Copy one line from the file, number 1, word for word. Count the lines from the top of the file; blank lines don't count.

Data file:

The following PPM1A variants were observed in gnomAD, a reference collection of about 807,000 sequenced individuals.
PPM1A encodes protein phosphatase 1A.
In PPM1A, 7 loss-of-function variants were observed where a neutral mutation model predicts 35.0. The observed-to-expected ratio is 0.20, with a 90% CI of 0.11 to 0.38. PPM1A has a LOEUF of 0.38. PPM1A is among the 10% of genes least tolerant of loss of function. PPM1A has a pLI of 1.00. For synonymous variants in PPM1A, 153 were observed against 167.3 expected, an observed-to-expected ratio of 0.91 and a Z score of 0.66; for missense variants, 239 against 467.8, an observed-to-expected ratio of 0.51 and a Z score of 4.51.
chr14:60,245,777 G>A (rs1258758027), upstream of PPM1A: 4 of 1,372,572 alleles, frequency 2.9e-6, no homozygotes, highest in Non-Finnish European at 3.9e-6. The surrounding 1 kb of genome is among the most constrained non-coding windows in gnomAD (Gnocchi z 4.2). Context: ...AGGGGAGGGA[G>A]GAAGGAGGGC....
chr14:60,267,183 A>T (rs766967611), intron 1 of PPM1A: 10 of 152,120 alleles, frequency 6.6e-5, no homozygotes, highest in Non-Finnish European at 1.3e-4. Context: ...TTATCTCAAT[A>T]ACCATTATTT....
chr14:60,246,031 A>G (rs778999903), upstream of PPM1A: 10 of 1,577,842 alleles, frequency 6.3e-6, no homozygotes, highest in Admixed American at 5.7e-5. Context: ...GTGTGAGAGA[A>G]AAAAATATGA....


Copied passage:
The following PPM1A variants were observed in gnomAD, a reference collection of about 807,000 sequenced individuals.